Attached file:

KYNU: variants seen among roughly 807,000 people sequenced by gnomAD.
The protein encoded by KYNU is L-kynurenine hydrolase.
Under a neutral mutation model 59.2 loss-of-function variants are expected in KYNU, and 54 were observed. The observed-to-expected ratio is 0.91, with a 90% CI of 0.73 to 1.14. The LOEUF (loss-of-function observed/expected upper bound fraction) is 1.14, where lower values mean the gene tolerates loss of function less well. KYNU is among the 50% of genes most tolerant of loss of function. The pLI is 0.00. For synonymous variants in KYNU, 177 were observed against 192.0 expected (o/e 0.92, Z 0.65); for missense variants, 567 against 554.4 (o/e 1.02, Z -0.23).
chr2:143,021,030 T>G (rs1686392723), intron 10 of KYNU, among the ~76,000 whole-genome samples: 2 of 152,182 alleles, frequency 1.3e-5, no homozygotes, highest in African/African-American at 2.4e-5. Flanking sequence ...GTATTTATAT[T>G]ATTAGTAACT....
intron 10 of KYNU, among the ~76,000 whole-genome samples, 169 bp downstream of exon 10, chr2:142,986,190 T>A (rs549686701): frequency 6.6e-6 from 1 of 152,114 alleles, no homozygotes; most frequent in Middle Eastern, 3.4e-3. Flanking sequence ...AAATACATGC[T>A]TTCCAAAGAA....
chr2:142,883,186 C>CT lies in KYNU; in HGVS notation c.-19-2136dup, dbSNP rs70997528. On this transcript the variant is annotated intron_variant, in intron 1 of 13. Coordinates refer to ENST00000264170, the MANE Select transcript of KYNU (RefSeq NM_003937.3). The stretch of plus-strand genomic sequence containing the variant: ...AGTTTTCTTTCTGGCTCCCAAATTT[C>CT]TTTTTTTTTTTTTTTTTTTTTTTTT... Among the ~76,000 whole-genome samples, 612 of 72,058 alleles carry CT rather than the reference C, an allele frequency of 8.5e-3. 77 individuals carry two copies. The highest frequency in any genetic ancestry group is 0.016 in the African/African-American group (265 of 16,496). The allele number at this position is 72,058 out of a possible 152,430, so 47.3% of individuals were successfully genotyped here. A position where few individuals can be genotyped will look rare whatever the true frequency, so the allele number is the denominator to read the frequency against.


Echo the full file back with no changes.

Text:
KYNU: variants seen among roughly 807,000 people sequenced by gnomAD.
The protein encoded by KYNU is L-kynurenine hydrolase.
Under a neutral mutation model 59.2 loss-of-function variants are expected in KYNU, and 54 were observed. The observed-to-expected ratio is 0.91, with a 90% CI of 0.73 to 1.14. The LOEUF (loss-of-function observed/expected upper bound fraction) is 1.14, where lower values mean the gene tolerates loss of function less well. KYNU is among the 50% of genes most tolerant of loss of function. The pLI is 0.00. For synonymous variants in KYNU, 177 were observed against 192.0 expected (o/e 0.92, Z 0.65); for missense variants, 567 against 554.4 (o/e 1.02, Z -0.23).
chr2:143,021,030 T>G (rs1686392723), intron 10 of KYNU, among the ~76,000 whole-genome samples: 2 of 152,182 alleles, frequency 1.3e-5, no homozygotes, highest in African/African-American at 2.4e-5. Flanking sequence ...GTATTTATAT[T>G]ATTAGTAACT....
intron 10 of KYNU, among the ~76,000 whole-genome samples, 169 bp downstream of exon 10, chr2:142,986,190 T>A (rs549686701): frequency 6.6e-6 from 1 of 152,114 alleles, no homozygotes; most frequent in Middle Eastern, 3.4e-3. Flanking sequence ...AAATACATGC[T>A]TTCCAAAGAA....
chr2:142,883,186 C>CT lies in KYNU; in HGVS notation c.-19-2136dup, dbSNP rs70997528. On this transcript the variant is annotated intron_variant, in intron 1 of 13. Coordinates refer to ENST00000264170, the MANE Select transcript of KYNU (RefSeq NM_003937.3). The stretch of plus-strand genomic sequence containing the variant: ...AGTTTTCTTTCTGGCTCCCAAATTT[C>CT]TTTTTTTTTTTTTTTTTTTTTTTTT... Among the ~76,000 whole-genome samples, 612 of 72,058 alleles carry CT rather than the reference C, an allele frequency of 8.5e-3. 77 individuals carry two copies. The highest frequency in any genetic ancestry group is 0.016 in the African/African-American group (265 of 16,496). The allele number at this position is 72,058 out of a possible 152,430, so 47.3% of individuals were successfully genotyped here. A position where few individuals can be genotyped will look rare whatever the true frequency, so the allele number is the denominator to read the frequency against.